In most plate heat exchanger applications specifying a percent of excess surface is more practical than specifying the TEMA fouling factors described above.

 

Minimizing fouling

Fouling depends on the type of heat exchanger, and the kind of fluids being transferred. Due to different designs, composition, and transfer fluid, each type of heat exchanger will suffer fouling in unique ways. The tube side of a shell and tube heat exchanger is usually easy to clean but the shell side can be more difficult to access.  Plate heat exchangers can be taken apart for cleaning on both sides. Some heat exchangers can be cleaned every night when the equipment is not in use, while others can only be cleaned every few months or years. In order to reduce the amount of fouling in a heat exchanger, equipment should be cleaned as often as possible.

 

If a plate heat exchanger were to suffer from the effects of fouling, extra plates can be added to re-gain performance if the space permits in the frame. 

 

Design Considerations to Decrease Effects of Fouling

There are a number of accommodations a designer may use once they have figured out how much fouling to expect in a particular unit.

 

-           A high level of turbulence keeps sediments from settling on the surface of the heat exchanger, and also helps clean off any fouling so it is important to ensure that the design velocities are high enough to mitigate fouling but not too high to promote erosion.

 

-           Try to keep a uniformly high velocity throughout the entire exchanger, so that sediments are not able to settle. Keep the amount of low velocity turns and ‘dead’ spots to a minimum, so that fouling will not accumulate.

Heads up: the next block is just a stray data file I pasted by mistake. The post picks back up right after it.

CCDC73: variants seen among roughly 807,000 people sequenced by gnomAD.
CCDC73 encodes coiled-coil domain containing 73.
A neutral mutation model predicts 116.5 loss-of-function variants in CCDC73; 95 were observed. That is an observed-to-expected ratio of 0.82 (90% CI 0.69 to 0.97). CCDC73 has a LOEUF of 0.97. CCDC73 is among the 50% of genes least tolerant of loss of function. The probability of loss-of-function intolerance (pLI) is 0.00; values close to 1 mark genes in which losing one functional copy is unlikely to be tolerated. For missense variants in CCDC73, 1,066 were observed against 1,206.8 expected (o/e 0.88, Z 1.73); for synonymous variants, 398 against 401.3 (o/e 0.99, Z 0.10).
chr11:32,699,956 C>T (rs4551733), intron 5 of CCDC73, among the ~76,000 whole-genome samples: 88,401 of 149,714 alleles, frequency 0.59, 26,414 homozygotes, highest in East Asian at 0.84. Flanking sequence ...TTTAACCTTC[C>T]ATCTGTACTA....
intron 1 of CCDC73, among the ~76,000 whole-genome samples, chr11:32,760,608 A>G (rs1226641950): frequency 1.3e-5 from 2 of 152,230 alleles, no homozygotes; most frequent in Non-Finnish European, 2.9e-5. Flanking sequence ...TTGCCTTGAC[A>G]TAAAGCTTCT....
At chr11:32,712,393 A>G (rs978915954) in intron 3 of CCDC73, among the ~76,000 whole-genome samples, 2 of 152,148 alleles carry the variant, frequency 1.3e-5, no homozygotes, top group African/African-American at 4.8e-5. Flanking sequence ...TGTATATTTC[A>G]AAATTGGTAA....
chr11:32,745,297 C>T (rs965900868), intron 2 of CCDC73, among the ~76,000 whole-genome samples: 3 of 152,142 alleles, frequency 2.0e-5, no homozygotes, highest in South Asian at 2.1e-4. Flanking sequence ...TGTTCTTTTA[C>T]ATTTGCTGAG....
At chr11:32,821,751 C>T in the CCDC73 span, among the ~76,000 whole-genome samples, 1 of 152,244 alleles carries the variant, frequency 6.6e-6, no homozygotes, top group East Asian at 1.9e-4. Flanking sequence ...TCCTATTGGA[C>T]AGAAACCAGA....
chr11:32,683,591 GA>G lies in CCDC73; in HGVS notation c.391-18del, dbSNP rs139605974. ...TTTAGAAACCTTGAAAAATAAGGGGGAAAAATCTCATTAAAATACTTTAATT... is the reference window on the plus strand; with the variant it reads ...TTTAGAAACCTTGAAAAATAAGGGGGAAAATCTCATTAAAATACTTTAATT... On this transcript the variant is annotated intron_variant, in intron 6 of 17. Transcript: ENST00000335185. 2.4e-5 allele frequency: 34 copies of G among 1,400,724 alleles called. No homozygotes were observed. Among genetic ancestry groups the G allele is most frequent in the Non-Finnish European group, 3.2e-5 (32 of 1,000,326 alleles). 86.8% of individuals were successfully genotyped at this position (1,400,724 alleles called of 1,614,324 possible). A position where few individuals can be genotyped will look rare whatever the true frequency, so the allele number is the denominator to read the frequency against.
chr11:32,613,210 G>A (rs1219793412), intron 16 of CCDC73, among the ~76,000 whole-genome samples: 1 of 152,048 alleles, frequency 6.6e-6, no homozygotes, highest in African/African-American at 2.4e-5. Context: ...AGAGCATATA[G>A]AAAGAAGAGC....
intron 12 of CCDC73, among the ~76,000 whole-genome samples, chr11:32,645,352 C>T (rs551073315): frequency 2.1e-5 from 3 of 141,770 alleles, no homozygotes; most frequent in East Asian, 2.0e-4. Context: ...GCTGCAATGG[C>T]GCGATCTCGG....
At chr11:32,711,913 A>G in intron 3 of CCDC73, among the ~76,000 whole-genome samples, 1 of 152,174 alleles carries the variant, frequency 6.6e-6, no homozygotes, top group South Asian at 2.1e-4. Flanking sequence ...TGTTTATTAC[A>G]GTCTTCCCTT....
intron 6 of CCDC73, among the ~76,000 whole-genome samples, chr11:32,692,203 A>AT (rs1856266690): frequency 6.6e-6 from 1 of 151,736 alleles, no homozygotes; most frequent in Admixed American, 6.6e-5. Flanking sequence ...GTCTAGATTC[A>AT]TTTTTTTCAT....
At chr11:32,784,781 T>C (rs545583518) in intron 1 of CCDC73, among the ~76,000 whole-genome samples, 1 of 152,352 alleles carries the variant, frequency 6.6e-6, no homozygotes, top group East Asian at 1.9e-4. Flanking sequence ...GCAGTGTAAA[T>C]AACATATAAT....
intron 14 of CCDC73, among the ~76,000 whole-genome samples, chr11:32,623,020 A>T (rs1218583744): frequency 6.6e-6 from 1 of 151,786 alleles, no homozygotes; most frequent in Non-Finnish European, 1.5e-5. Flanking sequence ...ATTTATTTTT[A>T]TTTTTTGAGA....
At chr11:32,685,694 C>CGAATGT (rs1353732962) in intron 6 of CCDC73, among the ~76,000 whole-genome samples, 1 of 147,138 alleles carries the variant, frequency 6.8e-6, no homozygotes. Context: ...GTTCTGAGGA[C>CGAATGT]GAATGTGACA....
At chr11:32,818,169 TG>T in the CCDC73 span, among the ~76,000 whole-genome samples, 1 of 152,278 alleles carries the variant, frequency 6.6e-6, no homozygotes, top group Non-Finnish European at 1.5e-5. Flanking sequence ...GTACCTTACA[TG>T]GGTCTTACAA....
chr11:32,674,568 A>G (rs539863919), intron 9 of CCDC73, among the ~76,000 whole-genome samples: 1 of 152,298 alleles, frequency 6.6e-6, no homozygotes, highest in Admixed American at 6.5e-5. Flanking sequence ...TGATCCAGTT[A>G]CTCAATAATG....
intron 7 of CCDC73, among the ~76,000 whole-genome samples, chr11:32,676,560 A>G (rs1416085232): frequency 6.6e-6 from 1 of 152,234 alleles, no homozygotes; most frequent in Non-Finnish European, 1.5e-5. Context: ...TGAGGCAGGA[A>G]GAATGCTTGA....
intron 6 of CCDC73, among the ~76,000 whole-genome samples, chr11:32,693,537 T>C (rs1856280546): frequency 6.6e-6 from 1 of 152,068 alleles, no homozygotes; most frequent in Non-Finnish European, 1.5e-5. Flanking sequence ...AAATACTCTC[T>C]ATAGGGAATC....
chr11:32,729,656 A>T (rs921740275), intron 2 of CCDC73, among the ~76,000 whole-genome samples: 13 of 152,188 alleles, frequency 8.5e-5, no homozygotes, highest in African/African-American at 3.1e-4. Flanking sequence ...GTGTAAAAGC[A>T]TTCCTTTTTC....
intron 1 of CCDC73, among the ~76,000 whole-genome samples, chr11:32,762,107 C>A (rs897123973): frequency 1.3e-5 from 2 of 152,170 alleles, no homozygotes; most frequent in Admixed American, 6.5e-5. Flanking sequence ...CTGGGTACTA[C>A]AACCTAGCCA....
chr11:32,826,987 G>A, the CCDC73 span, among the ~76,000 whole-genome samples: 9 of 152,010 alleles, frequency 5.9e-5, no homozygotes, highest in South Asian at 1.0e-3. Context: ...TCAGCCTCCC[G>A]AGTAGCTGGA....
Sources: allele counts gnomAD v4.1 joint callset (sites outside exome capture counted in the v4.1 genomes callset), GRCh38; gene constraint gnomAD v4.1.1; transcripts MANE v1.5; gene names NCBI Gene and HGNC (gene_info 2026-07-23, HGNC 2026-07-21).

-           Consider how often the unit needs to be cleaned, and provide easy access to make this process easier.

 

-           For a plate heat exchanger, select a frame size that will accommodate additional plates in the case that more surface is needed because of a loss of performance due to the effects of fouling.

 

Excessive Fouling Factors

It seems that proper planning for the future and good design practice would result in the specification of a higher than required fouling factor for safety sake. Anticipating fouling is good practice, over-designing significantly however can actually facilitate fouling.  Specifying too large a fouling factor will often result in more flow area that can result in lower velocities in the exchanger and actually promote fouling. Another risk is that an oversized exchanger operating clean will overperform and a possible reaction would be to reduce the cooling water flow which would reduce the velocity - promoting fouling. It is important with all heat exchangers to operate as close to the design flow conditions as possible.